Silence and Beauty: Hidden Faith Born of Suffering Makoto Fujimura (IVP) $26.00 I have reviewed this at great length here at BookNotes before and hoped it would catch the attention of those seeing the big stack at our three different book displays. Yes, we took it to each, and proudly explained that we know Mako and have heard him talk about this book, his friendship with Martin Scorsese who is making a film — has been wanting to for over 30 years — of the Japanese novel Silence about which this book is an extended meditation. As it says on the beautiful back cover, in koan-like cadence,
In this world of pain and suffering,
God often seems silent.
But light is yet present in the darkness.
And silence speaks with hidden beauty and truth.
Talking the Walk: Let the Language of Theology Live Again Marva Dawn (Marva Dawn) $26.99 The local Lutherans brought Marva in to speak to them early this past Spring and we were delighted to connect with her again, if only briefly. (She is one of the great, great Christian writers of our time, and we are so honored that she once went out of our way to visit our bookstore in Dallastown!) This is a nearly unknown book of hers, originally published by Brazos, in a handsome hardback. It offers short mentions on various theological terms and why they are important for our faith and practice, in our lives and in our congregations. What a great book! Marva is one of the short list of authors that I will read anything she writes. This is one I bet you didn’t know about, eh? Get it from us, on sale, while supplies last.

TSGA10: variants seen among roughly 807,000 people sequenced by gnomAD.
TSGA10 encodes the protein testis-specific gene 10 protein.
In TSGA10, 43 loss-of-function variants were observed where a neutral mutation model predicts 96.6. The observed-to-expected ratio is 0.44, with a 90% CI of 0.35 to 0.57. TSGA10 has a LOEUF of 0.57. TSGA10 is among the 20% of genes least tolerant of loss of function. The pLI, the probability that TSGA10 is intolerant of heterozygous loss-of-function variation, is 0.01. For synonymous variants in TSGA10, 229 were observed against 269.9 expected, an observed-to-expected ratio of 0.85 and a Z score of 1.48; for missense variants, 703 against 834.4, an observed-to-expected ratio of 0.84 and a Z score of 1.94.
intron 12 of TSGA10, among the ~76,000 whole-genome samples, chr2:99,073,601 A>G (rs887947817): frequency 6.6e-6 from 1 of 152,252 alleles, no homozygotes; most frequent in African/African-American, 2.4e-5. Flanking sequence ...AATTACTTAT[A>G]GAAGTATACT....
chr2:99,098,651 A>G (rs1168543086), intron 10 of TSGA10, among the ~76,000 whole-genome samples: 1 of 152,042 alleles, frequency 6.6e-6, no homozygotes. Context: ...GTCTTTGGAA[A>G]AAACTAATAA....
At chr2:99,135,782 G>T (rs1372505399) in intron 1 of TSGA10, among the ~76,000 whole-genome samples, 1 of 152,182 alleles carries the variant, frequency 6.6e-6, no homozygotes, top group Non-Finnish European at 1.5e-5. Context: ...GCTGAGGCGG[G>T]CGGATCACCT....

The Songs of Jesus: A Year of Daily Devotions in the Psalms Timothy Keller & Kathy Keller (Viking) $19.95 I would hope that most BookNotes fans know that we esteemed the exceptionally intelligent Presbyterian church leader from NYC, and appreciate his no-nonsense, thoughtful, but always applicable Bible teaching. In this often tender year-long devotional, he and his wife ruminate on the Psalms, known as the Bible’s songbook (and a prayerbook Jesus surely would have known and used.) Two decades ago Keller began reading the entire Book of Psalms every month and these insights are drawn from his accumulated years of study (and, with important input from his wife who herself uses the Psalms, including during times battling a chronic illness.) Mainline parishioners often don’t buy as many serious books as do those in more evangelical churches its seems, but folks always like to hear about a good devotional. It was nice to be able to share these with those seeking a way into the practice of daily quiet time and Bible reading.
Jesus Freak: Feeding, Healing, Raising the Dead Sara Miles (Jossey-Bass) $21.95 As you might guess, the edgy and beautiful writer Sara Miles – she is coming to the Welcome Table, an O and A congregation near Lancaster Seminary in late July – is popular among mainline folks these days. Her remarkable story, stunningly told in Take This Bread, of her conversion to Christ after receiving communion for the first time and her subsequent desire to start a food pantry in the sacred space of her San Fran Episcopal church, is well worth reading whether you agree with her opinions or not. This sequel to that book is oddly named, has a less than appealing cover, and is hardback, so it doesn’t sell as well, but I’ll tell you it is every bit as powerful and moving and inspiring as her first one. It is, doubtlessly, one of the most stimulating books I’ve read in years, and we were eager to promote it at our recent gigs. Alas, it languishes. Why o why? Folks, read this book! Again, agree or not with all of her radically inclusive theology and lefty politics, it is a very moving memoir and a delirious call to action in the world of hurt and need. If you like Anne Lamott or Nadia Bolz-Weber, you should read Sarah Miles.
Read these reviews to hear of how movingly it is written:
“Sara Miles is amazing, a wild, unique, funny Christian who puts her lack-of-money where her mouth is, which is in loving Jesus and taking care of God’s children. I love her work.”
“One of the most inspiring books I’ve ever read.”